Weaknesses. Many of our weaknesses are created by limited thinking and subjective agendas that alienate a fire company: the “Everyone-qualifies-as-chief” syndrome, which creates the most retention problems; the fragmentation of staff by petty infighting among splinter groups that creates a nonfriendly atmosphere; officers qualifying for rank with limited or no fire service training; failure to recognize firefighters who contribute more than just answering the call; deficiencies in membership investigations–lacking a thorough committee inquiry and/or a police background check; mutual aid that needs designated task forces to perform specialized tasks; communications and networking limited to just local fire companies; the lack of a full understanding of the budget process; resistance to change; limited daytime staffing response; and tarnished image with the public.

Opportunities. An open forum for creative thinking within each fire department can give birth to many opportunities to improve the fire service. Such opportunities include the following: establishing legislative networks and political clout with all levels of government; increasing the roles of code enforcement, fire prevention, and public education; establishing a solid “back to basics” training program that will provide a foundation for more technical training; forming a coalition council with community groups; exploring consolidation as a means to improving the fire department; and seeking new technologies that will best serve the local fire department.

Threats. Outside threats to the survival of many volunteer fire companies may come at any time. They include the following: lack of staffing to maintain a functional fire department, possibly resulting in the local governing body`s seeking assistance from privatization or organized labor; accountability of taxpayers seeking tax reductions and culpability of the fire company to purchase apparatus with excessive “glitter”; the demise of the middle class, families who depend on two incomes, and social changes that hinder people from volunteering; the urban interface that erodes existing town barriers; lack of funds to support the company functions; and the noticed threats from within that may come from not seeking out our strengths and implementing opportunities to improve the overall fire department.


To help promote a cooperative relationship with the legislative branches of government, the NVFC invited some nonfire service organizations to participate in the open forum. Invited were the Conference of Mayors, National Association of Towns and Townships, International City/County Management Association, National Counties Association, National Governors Association, and National League of Cities. The lack of participation from any legislative organizations should not signify that our overtures have fallen on deaf ears; it instead presents us with a greater challenge to continue working with the Congressional Fire Service Caucus, the individual state fire service institutes, and the local governing bodies for the passage of legislation that will benefit the fire service. Some recent federal legislative priorities follow.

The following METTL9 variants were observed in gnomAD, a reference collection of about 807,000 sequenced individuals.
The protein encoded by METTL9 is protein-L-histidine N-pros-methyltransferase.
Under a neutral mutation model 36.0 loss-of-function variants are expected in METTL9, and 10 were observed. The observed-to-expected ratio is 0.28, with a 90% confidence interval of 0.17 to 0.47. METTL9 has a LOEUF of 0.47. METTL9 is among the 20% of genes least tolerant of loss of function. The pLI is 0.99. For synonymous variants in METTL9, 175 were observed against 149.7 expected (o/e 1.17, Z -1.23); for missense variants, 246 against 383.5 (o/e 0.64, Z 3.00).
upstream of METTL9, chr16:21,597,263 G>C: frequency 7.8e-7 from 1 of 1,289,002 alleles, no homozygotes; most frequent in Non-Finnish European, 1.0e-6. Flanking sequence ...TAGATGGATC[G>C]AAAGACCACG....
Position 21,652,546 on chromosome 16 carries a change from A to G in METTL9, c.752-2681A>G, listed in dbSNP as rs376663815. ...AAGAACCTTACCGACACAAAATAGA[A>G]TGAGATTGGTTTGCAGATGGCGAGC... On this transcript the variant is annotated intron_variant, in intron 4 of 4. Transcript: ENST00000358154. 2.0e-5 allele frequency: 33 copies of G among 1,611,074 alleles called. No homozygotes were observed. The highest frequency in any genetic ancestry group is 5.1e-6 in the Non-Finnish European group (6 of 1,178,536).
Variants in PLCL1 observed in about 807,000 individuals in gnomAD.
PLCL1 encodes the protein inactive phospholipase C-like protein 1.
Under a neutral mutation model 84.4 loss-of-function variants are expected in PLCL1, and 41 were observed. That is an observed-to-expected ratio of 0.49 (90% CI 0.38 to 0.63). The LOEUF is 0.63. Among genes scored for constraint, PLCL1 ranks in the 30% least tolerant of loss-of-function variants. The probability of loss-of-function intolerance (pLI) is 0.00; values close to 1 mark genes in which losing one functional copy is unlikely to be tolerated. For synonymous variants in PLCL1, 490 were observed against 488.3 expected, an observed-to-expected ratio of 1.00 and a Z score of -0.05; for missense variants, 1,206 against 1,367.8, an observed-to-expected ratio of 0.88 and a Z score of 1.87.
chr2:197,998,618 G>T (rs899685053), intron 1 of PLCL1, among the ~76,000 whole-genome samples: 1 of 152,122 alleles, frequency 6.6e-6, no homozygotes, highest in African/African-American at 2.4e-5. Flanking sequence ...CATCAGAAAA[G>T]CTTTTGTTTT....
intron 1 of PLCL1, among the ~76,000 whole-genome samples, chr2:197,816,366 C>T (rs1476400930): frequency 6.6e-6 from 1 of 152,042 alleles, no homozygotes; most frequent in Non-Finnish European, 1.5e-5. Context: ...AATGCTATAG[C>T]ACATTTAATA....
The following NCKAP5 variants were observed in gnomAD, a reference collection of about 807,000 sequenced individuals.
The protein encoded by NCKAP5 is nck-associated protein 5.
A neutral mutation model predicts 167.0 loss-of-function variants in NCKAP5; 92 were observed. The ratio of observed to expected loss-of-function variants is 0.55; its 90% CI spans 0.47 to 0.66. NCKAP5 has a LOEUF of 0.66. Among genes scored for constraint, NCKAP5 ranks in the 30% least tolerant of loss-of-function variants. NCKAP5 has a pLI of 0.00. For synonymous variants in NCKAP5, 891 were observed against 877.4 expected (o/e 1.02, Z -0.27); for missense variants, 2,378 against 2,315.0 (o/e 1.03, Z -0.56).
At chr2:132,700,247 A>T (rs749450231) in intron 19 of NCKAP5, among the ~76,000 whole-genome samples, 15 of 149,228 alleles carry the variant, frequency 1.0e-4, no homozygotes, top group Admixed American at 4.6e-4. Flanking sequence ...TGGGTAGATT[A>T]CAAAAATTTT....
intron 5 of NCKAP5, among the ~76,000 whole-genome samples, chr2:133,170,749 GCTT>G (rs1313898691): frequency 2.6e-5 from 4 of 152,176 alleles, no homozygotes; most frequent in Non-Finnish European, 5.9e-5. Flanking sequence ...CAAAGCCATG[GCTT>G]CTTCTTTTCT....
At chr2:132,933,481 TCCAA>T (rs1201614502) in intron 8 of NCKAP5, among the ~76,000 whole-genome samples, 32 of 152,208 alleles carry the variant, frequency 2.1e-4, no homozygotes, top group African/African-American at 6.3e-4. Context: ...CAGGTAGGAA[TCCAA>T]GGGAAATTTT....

H.R. 3247, Community Safety Act of 1998, provides continued funding to restock ambulances by hospitals.

H.R. 2523, Volunteer Firefighter Equipment Enhancement Act, allows emergency departments to use tax-exempt financing for ambulances and other emergency response vehicles.

H.R. 4229, 21st Century Fire and Public Safety Act, provides the fire service with $5 billion over five years for grants to local fire departments.

A success story is the passage of H.R. 3831, Children`s Sleepwear Safety Act of 1998, which requires the full restoration of fire safety standards pertaining to the flammability of children`s sleepwear.

To help build a bridge to the 21st century, volunteers must find better ways to enhance the recruitment and retention of firefighters; increase training in department management and leadership; reduce fireground heart attack deaths; network and become familiar with the needs of the communities they serve; and communicate those needs to the federal, state, and local governments. n

n JACK J. MURPHY, JR., was the fire marshal and former deputy chief of the Leonia (NJ) Fire Department. He is president of the Bergen County (NJ) Fire Chiefs Association; vice-chairman of the New York City Fire Safety Directors Association; an advisory board member of Fire Engineering; and educational coordinator and advisory board member of the FDIC. He is the author of Rapid Incident Command System (Fire Engineering, 1998).